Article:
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|Size||3.0 feet of linear shelf space (approximately 1650 items)|
|Abstract||George Edwin Butler was co-superintendent of public instruction of Sampson County, N.C., and lawyer of Clinton, N.C.; trustee of the University of North Carolina; director of the Bank of Clinton; member of the North Carolina House of Representatives, 1905; member of the Republican State Executive Committee; delegate to several Republican national conventions; and unsuccessful candidate for several offices, including state attorney general, U.S. Senator, Superior Court judge, and Supreme Court Judge. The collection includes correspondence, notes, printed material, and other items of Geo. E. Butler, relating primarily to his political career, including his campaign for the Republican nomination to the U.S. Senate in 1930 and his attempts to secure appointment as judge of the U.S. Court of Claims in 1929, the Federal Power Commission in 1930, clerk of federal court in 1932, and federal receiver for failed banks in 1932. Other files relate to the North Carolina Bar Association, 1925-1926; public education in North Carolina, 1922; and criminal prosecution resulting from the failure of the Bank of Clinton, 1929-1932. A series of general political material, 1924-1939, reflects Butler's involvement in Republican Party organization and politics as well as his concern with federal and national political activities. The collection contains material relating to Charles A. Jonas, Isaac M. Meekins, Marion Butler, H. Brownlow Jackson, W. Giles Mebane, and Jake F. Newell, among others.|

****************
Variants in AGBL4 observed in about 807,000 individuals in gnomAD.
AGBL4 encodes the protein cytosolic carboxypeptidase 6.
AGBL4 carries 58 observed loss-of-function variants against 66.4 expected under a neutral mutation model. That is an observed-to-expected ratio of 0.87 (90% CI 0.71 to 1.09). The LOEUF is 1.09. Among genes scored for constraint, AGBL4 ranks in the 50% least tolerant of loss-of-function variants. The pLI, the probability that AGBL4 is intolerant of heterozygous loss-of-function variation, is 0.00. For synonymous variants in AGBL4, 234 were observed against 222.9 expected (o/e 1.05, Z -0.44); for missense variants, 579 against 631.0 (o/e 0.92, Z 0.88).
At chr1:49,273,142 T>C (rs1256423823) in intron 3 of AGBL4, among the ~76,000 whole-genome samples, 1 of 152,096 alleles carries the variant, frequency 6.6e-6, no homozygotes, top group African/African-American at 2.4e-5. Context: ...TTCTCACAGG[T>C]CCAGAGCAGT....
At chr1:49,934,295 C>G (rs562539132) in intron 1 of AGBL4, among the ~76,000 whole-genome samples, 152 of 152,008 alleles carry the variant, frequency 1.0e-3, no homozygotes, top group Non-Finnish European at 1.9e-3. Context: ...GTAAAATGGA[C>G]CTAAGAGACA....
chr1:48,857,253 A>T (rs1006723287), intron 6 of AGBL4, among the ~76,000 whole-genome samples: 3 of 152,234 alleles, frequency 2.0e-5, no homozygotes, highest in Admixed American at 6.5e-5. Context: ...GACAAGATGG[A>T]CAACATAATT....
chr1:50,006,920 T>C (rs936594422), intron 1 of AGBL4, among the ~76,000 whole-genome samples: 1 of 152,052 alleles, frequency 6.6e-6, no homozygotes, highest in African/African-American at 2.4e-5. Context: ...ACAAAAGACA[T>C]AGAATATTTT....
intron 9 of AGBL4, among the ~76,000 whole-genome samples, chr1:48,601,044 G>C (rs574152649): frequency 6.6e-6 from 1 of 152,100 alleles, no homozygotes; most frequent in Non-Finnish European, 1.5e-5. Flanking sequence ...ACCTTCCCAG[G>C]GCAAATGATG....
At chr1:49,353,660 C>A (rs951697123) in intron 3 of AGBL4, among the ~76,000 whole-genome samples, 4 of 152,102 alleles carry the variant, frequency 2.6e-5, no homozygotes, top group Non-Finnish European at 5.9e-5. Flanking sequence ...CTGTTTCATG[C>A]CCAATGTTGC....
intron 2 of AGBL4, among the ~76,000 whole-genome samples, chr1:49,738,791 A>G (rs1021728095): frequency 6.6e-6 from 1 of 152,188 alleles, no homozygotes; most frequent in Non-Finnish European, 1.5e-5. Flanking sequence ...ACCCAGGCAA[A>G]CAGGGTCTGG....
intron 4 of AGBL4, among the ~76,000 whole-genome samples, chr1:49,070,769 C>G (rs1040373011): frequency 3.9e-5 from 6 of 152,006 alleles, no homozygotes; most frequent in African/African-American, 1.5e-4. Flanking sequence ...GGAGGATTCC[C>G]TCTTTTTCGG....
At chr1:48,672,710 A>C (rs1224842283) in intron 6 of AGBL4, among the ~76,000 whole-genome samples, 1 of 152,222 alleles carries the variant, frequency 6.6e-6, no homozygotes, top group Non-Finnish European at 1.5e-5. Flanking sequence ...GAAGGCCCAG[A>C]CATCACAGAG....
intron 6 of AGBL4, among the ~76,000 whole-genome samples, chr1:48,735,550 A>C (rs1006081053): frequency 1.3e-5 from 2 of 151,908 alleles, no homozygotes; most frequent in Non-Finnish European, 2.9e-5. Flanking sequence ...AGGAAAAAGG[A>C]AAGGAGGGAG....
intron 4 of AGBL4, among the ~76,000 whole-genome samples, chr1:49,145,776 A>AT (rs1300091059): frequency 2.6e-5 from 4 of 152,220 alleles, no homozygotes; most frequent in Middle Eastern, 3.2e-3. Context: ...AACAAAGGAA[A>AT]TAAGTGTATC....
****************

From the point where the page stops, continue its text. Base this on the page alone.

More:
|Creator||Butler, Geo. E. (George Edwin), 1868-1941.|
The following terms from Library of Congress Subject Headings suggest topics, persons, geography, etc. interspersed through the entire collection; the terms do not usually represent discrete and easily identifiable portions of the collection--such as folders or items.
Clicking on a subject heading below will take you into the University Library's online catalog.
George Edwin Butler was born on 5 June 1868 in Salemburg (Sampson County), NC . His parents, Wiley Butler and Romelia Ferrill, had six children (4 boys and 2 girls). One of George's brothers, Marion, was the United States Senator from North Carolina from 1895 to 1901 and national Chairman of the Populist Party.
George Butler attended Salem High School and went on to the University of North Carolina at Chapel Hill from 1887 to 1889. He then returned to Sampson County and was the principal of Salem High School for three years. In 1893 he again went to Chapel Hill, this time to study law. After the completion of these studies, Butler returned home and became the co-superintendent of public instruction for Sampson County. He also set up a law practice in Clinton, North Carolina.
Butler ran successfully for a seat in the North Carolina State Senate in 1897, but, with the coming of the Spanish-American War in 1898, his political life was set aside as he volunteered for duty in Cuba and was commissioned a major in the First North Carolina Regiment. During his service in Cuba, Butler, in addition to his normal duties, served as a Summary Court Martial Officer and was president of the General Court Martial Board of the Seventh U. S. Army Corps. He was addressed as "Major" for the rest of his life.